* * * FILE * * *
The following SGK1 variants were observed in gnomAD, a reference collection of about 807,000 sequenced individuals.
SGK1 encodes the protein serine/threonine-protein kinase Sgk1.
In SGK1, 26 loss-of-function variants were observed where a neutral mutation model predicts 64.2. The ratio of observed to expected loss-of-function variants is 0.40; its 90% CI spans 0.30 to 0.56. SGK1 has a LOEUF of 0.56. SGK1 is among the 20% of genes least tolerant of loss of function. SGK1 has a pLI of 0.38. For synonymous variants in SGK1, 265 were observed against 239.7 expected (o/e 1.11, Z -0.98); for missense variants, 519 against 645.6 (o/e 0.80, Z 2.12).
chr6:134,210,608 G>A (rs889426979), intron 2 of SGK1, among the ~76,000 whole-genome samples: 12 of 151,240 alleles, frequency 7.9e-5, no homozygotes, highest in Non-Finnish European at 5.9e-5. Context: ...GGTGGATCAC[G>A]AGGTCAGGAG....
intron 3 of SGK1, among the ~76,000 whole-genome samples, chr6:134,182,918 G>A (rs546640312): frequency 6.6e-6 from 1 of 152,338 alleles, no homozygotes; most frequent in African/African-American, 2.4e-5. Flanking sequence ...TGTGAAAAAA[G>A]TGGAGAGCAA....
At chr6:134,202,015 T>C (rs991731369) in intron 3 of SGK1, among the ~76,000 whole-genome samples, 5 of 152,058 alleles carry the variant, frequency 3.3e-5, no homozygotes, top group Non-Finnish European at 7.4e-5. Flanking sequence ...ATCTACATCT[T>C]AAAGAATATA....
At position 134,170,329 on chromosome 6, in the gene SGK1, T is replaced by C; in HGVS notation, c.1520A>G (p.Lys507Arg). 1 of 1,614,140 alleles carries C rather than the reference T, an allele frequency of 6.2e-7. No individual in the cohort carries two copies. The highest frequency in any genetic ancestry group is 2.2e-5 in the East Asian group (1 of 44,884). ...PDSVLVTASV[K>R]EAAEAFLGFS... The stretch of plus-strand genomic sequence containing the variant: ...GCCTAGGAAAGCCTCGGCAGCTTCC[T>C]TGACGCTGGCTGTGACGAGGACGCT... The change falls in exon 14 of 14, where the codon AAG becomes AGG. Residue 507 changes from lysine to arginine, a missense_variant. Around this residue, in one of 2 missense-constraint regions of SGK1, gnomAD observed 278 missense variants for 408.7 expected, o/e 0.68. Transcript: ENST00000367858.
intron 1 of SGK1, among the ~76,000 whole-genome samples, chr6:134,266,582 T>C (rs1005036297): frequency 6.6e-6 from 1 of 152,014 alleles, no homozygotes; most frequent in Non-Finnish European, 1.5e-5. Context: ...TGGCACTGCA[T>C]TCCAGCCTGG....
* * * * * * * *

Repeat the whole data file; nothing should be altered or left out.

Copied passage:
The following SGK1 variants were observed in gnomAD, a reference collection of about 807,000 sequenced individuals.
SGK1 encodes the protein serine/threonine-protein kinase Sgk1.
In SGK1, 26 loss-of-function variants were observed where a neutral mutation model predicts 64.2. The ratio of observed to expected loss-of-function variants is 0.40; its 90% CI spans 0.30 to 0.56. SGK1 has a LOEUF of 0.56. SGK1 is among the 20% of genes least tolerant of loss of function. SGK1 has a pLI of 0.38. For synonymous variants in SGK1, 265 were observed against 239.7 expected (o/e 1.11, Z -0.98); for missense variants, 519 against 645.6 (o/e 0.80, Z 2.12).
chr6:134,210,608 G>A (rs889426979), intron 2 of SGK1, among the ~76,000 whole-genome samples: 12 of 151,240 alleles, frequency 7.9e-5, no homozygotes, highest in Non-Finnish European at 5.9e-5. Context: ...GGTGGATCAC[G>A]AGGTCAGGAG....
intron 3 of SGK1, among the ~76,000 whole-genome samples, chr6:134,182,918 G>A (rs546640312): frequency 6.6e-6 from 1 of 152,338 alleles, no homozygotes; most frequent in African/African-American, 2.4e-5. Flanking sequence ...TGTGAAAAAA[G>A]TGGAGAGCAA....
At chr6:134,202,015 T>C (rs991731369) in intron 3 of SGK1, among the ~76,000 whole-genome samples, 5 of 152,058 alleles carry the variant, frequency 3.3e-5, no homozygotes, top group Non-Finnish European at 7.4e-5. Flanking sequence ...ATCTACATCT[T>C]AAAGAATATA....
At position 134,170,329 on chromosome 6, in the gene SGK1, T is replaced by C; in HGVS notation, c.1520A>G (p.Lys507Arg). 1 of 1,614,140 alleles carries C rather than the reference T, an allele frequency of 6.2e-7. No individual in the cohort carries two copies. The highest frequency in any genetic ancestry group is 2.2e-5 in the East Asian group (1 of 44,884). ...PDSVLVTASV[K>R]EAAEAFLGFS... The stretch of plus-strand genomic sequence containing the variant: ...GCCTAGGAAAGCCTCGGCAGCTTCC[T>C]TGACGCTGGCTGTGACGAGGACGCT... The change falls in exon 14 of 14, where the codon AAG becomes AGG. Residue 507 changes from lysine to arginine, a missense_variant. Around this residue, in one of 2 missense-constraint regions of SGK1, gnomAD observed 278 missense variants for 408.7 expected, o/e 0.68. Transcript: ENST00000367858.
intron 1 of SGK1, among the ~76,000 whole-genome samples, chr6:134,266,582 T>C (rs1005036297): frequency 6.6e-6 from 1 of 152,014 alleles, no homozygotes; most frequent in Non-Finnish European, 1.5e-5. Context: ...TGGCACTGCA[T>C]TCCAGCCTGG....